In January, Tesla reported in its fourth-quarter earnings that its teams are working “on the launch of the next-generation vehicle at Gigafactory Texas” in 2024. Tesla had previously said it would first be produced in Mexico, at its new planned factory.

Tesla added in late January it is also “currently between two major growth waves,” with the “global expansion” of the Model 3 and Model Y vehicle platform “and the next one we believe will be initiated by the global expansion of the next-generation vehicle platform.”

“We’re very far along on our next generation low-cost vehicle,” Elon Musk said on the Q4 earnings call.

Musk added that Tesla was looking to start production sometime in the second half of 2025. However, Musk cautioned his words should be “taken with a grain of salt.”

It’s unclear if Tesla’s next-gen EV will be eligible for Inflation Reduction Act (IRA) tax credits, depending on its battery sourcing. This could mean that with Tesla’s current pricing, its other vehicle offerings could undercut the new “cheaper” compact vehicle.

Tesla Q4 Earnings Call Casts Long Shadow

Wall Street slashed 2024 profit projections after Tesla reported worse-than-expected fourth-quarter earnings and revenue in late January, with longtime Tesla bull Dan Ives summing up the conference call as a “train wreck.”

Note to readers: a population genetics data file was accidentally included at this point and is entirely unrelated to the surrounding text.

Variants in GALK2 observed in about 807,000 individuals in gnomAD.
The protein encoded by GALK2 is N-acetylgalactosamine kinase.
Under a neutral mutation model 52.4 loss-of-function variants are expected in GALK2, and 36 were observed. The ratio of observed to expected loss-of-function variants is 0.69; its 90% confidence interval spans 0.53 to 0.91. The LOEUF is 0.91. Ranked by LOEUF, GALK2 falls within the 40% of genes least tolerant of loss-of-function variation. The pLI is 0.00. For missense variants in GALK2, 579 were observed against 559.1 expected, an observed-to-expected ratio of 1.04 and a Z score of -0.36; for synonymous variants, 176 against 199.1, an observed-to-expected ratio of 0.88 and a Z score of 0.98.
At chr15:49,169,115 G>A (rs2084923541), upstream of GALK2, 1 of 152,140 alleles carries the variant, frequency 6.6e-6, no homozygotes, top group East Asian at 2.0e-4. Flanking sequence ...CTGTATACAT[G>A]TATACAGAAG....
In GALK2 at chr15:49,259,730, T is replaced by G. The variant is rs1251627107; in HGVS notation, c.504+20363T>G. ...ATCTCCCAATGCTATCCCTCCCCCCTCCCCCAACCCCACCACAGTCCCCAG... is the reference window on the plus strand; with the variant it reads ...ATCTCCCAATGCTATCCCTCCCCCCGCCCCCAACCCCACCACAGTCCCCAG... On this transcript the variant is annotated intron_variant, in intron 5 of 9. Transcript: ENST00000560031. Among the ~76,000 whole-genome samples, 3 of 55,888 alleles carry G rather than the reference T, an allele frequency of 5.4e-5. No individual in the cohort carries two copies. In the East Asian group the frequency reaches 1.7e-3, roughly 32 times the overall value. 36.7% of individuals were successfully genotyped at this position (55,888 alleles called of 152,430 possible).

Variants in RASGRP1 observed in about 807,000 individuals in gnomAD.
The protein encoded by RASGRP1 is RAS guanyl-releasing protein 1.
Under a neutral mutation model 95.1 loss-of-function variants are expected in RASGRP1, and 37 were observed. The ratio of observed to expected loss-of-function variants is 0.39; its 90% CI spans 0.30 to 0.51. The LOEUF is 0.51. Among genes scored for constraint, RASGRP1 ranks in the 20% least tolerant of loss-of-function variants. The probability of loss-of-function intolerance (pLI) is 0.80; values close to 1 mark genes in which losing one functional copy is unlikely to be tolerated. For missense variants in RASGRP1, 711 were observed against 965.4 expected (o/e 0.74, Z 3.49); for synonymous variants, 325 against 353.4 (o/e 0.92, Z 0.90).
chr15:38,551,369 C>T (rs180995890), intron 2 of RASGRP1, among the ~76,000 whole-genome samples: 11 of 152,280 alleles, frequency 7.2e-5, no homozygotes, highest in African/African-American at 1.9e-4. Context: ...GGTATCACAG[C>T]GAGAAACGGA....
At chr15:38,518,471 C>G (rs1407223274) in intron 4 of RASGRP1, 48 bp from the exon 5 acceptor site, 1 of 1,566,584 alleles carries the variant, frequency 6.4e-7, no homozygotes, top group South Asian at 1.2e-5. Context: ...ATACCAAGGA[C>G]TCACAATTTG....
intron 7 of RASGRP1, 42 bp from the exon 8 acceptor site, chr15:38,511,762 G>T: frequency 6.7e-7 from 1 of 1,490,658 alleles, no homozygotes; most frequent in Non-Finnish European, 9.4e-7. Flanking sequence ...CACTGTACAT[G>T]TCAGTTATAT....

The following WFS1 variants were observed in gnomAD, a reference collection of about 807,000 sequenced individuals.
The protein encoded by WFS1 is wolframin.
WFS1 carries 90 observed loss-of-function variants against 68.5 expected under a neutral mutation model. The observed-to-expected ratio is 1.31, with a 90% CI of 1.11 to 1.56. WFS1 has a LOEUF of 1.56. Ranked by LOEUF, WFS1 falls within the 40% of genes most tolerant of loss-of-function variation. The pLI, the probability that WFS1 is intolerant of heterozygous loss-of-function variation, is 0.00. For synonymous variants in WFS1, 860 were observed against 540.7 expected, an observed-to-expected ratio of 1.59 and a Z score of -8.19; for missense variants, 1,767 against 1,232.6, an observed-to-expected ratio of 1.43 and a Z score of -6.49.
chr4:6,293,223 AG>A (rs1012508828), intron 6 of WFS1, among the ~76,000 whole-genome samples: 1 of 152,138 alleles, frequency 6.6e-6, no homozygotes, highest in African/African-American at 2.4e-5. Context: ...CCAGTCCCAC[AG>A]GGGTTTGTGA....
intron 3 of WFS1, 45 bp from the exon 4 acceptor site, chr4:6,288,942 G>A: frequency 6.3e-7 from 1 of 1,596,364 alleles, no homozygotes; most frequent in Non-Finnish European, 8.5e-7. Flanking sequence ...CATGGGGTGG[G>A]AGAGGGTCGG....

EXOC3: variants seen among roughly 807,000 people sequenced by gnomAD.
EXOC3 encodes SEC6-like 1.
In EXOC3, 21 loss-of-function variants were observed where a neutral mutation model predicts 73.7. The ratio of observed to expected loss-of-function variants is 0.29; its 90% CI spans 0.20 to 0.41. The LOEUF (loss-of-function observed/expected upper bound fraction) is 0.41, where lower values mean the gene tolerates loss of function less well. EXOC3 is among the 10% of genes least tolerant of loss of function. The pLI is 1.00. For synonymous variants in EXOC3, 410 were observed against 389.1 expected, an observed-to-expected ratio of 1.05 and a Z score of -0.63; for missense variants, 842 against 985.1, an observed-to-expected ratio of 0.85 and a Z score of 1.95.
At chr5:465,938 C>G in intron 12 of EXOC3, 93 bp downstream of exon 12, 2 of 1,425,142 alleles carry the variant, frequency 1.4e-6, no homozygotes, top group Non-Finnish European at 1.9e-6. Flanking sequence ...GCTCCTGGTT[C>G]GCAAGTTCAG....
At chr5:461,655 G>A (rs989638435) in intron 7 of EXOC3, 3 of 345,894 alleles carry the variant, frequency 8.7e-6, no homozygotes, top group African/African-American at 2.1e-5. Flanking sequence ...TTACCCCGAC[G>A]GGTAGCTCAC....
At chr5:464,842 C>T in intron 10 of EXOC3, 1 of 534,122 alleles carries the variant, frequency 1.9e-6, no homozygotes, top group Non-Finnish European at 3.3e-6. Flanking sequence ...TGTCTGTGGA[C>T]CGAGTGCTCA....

Tesla reported that Q4 earnings fell 40% to 71 cents per share. Meanwhile, quarterly revenue totaled $25.17 billion, up 3.5% vs. Q4 2022. Tesla’s gross profit margin came in at 17.6%, down 612 basis points.

For 2023, Tesla EPS fell 23% to $3.12 while revenue increased 19% to $96.77 billion.

“There’s lots to look forward to in 2024,” Musk said on the earnings call.

However, without any specifics and no word on its vehicle price cutting strategy or what way profit margins are expected to go in 2024, Wall Street has slashed profit expectations with many Tesla bulls turning bearish on the short-term outlook for TSLA.

The pessimism following Q4 came after a burst of excitement on Nov. 30, 2023 when Tesla delivered its first 12 Cybertrucks.

The EV giant is offering three trims of the Cybertruck, with the rear-wheel drive version starting at $60,990 with a 250 mile range. The all-wheel drive version has a starting price of $79,990 with 340 miles of range. Tesla is also offering a top end trim, called the Cyberbeast, starting at $99,990 with a 320 mile range.

Four years ago, Tesla announced the price would start at $39,900.

Tesla’s Global Price Cutting Strategy

To maintain sales momentum in 2023 and 2024, Tesla has aggressively cut vehicle prices and offered discounts. Auto gross profit margins, excluding regulatory credits, which peaked at 30% in Q4 2021 amid industry chip shortages, have plunged well below 20%.

Morgan Stanley’s Jonas believes auto gross profit margins could sink to 11.4% as the analyst foresees continued demand issues for EVs.

Tesla decided in January to trim China vehicle prices on the Model 3 and two Model Y variants and slashing Model Y prices in many European countries.

On March 1, Tesla announced big incentives for entry-variant Model 3 and Y vehicles, including insurance subsidies, cheap loan rates and more. In Europe, Tesla cut Model Y prices noticeably in several countries, amid waning sales and reduced subsidies.